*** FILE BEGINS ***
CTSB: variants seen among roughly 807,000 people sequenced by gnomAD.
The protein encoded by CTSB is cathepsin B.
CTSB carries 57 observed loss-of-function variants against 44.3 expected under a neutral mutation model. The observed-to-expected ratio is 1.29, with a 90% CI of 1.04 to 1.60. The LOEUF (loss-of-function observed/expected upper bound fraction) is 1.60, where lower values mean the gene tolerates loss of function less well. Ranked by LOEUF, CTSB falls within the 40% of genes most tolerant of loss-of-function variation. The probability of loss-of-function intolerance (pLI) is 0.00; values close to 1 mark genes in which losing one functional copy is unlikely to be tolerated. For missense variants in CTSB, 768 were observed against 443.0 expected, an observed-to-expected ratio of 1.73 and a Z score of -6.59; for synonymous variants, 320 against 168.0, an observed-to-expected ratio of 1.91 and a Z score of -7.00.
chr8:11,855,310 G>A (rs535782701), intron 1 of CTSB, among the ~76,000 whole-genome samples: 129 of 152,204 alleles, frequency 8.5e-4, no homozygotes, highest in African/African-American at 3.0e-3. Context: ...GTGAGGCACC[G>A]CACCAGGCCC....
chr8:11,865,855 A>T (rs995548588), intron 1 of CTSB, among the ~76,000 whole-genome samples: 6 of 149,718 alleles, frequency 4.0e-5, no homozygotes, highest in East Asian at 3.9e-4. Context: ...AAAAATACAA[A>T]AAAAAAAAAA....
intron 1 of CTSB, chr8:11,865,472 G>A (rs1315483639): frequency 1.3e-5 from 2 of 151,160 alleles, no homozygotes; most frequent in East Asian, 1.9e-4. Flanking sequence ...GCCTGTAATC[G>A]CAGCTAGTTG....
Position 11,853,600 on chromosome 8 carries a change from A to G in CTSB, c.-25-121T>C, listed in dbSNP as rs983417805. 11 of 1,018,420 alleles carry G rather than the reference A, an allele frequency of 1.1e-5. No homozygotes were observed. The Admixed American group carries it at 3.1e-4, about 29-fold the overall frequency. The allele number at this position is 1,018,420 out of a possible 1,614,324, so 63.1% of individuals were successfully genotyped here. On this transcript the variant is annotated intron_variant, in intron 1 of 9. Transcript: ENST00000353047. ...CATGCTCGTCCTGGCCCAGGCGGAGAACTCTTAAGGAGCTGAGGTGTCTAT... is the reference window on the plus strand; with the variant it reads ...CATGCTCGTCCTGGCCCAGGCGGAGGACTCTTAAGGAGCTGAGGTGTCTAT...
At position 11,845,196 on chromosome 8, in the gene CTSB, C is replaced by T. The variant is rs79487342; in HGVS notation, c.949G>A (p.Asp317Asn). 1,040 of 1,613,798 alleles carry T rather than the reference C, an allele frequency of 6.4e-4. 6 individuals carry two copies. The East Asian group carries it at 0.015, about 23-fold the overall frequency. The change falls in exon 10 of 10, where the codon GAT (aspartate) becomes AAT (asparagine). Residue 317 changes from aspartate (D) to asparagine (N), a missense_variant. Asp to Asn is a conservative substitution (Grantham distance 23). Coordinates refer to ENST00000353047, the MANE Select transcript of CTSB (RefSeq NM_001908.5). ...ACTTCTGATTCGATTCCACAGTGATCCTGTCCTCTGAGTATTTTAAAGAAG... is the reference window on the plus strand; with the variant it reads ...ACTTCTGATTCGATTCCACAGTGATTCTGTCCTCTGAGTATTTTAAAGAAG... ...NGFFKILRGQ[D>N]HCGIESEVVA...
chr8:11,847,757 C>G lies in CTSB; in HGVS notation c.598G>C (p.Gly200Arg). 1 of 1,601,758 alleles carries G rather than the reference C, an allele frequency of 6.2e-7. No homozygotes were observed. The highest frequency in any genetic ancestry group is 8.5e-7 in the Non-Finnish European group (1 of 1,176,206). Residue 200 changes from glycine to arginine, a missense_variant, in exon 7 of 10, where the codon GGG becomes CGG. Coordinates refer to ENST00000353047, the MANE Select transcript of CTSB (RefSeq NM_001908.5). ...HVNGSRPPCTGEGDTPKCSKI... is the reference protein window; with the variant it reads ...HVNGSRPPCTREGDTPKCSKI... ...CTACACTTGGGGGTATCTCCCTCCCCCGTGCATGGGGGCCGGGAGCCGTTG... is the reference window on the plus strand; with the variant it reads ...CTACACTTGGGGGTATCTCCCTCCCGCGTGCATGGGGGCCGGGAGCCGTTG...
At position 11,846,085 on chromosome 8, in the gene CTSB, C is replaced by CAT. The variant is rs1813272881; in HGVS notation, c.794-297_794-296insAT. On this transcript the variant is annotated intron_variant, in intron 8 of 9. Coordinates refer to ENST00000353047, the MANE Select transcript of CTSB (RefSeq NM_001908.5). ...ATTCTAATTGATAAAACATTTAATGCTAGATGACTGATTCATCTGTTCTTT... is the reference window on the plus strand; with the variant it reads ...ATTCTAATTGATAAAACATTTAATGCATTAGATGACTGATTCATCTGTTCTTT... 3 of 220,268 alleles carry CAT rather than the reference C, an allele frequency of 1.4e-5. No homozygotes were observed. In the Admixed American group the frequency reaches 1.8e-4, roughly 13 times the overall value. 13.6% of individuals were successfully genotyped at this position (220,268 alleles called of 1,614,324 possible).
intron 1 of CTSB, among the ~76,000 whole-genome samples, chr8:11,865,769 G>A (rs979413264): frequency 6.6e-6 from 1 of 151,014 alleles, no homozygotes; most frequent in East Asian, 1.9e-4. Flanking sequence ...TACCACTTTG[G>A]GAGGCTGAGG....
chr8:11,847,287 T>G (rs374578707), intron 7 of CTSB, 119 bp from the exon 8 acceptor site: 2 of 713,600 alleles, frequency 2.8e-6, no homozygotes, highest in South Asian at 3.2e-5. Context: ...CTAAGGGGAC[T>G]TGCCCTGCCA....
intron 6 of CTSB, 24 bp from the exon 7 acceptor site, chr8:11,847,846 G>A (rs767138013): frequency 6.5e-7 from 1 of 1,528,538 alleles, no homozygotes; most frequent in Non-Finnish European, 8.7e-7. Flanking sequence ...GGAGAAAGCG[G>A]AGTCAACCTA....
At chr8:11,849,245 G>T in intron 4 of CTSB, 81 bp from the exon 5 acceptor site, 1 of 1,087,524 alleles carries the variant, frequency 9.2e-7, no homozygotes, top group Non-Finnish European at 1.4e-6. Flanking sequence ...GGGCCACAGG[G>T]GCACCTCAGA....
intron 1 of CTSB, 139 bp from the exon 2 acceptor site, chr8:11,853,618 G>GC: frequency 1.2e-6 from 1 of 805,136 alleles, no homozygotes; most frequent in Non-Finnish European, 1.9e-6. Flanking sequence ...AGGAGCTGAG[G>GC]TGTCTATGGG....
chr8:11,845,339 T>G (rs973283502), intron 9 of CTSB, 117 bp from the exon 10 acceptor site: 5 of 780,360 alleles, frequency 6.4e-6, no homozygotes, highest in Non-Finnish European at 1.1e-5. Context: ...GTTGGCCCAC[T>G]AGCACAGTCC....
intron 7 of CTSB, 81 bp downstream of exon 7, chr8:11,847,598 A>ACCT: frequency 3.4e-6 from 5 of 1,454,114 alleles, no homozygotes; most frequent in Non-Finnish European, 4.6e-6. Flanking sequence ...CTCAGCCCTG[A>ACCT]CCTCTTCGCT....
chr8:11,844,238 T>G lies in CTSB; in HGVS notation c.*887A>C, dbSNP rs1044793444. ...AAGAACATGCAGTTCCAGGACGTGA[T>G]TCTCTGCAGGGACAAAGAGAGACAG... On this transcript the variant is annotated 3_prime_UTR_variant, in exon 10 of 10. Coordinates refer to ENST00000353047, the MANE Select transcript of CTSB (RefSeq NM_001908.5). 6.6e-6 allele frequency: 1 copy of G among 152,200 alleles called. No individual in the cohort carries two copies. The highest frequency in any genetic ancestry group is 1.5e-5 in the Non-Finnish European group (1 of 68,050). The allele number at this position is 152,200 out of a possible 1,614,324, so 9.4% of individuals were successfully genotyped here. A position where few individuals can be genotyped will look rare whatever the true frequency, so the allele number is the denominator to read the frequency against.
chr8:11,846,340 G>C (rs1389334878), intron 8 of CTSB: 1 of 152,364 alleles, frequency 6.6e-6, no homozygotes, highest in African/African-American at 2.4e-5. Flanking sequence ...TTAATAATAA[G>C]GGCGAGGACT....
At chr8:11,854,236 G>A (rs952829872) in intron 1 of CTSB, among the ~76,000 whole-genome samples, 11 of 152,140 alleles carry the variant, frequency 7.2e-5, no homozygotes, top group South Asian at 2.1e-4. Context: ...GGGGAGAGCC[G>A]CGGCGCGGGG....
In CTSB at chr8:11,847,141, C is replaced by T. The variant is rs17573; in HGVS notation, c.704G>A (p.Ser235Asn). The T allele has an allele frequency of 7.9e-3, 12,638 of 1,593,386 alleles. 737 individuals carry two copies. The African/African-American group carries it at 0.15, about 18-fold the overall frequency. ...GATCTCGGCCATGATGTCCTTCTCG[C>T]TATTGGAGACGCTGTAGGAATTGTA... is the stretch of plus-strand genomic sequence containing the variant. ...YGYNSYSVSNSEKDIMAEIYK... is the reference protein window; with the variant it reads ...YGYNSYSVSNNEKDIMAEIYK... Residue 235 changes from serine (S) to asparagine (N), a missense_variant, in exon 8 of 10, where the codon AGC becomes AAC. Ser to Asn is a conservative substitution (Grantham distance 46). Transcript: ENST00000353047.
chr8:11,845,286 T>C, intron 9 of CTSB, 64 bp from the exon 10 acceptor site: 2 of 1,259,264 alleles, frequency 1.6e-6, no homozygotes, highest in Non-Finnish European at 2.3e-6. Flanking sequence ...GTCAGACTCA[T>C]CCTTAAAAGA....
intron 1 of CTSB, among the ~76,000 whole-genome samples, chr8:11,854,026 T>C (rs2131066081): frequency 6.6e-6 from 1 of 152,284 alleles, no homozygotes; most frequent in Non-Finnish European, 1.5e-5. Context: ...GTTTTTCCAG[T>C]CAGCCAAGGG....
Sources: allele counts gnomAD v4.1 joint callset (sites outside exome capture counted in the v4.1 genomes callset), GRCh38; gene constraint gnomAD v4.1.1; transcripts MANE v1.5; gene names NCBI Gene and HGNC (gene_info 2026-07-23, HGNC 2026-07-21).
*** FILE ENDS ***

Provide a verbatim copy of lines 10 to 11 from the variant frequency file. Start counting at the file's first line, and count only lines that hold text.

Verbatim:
At position 11,846,085 on chromosome 8, in the gene CTSB, C is replaced by CAT. The variant is rs1813272881; in HGVS notation, c.794-297_794-296insAT. On this transcript the variant is annotated intron_variant, in intron 8 of 9. Coordinates refer to ENST00000353047, the MANE Select transcript of CTSB (RefSeq NM_001908.5). ...ATTCTAATTGATAAAACATTTAATGCTAGATGACTGATTCATCTGTTCTTT... is the reference window on the plus strand; with the variant it reads ...ATTCTAATTGATAAAACATTTAATGCATTAGATGACTGATTCATCTGTTCTTT... 3 of 220,268 alleles carry CAT rather than the reference C, an allele frequency of 1.4e-5. No homozygotes were observed. In the Admixed American group the frequency reaches 1.8e-4, roughly 13 times the overall value. 13.6% of individuals were successfully genotyped at this position (220,268 alleles called of 1,614,324 possible).
intron 1 of CTSB, among the ~76,000 whole-genome samples, chr8:11,865,769 G>A (rs979413264): frequency 6.6e-6 from 1 of 151,014 alleles, no homozygotes; most frequent in East Asian, 1.9e-4. Flanking sequence ...TACCACTTTG[G>A]GAGGCTGAGG....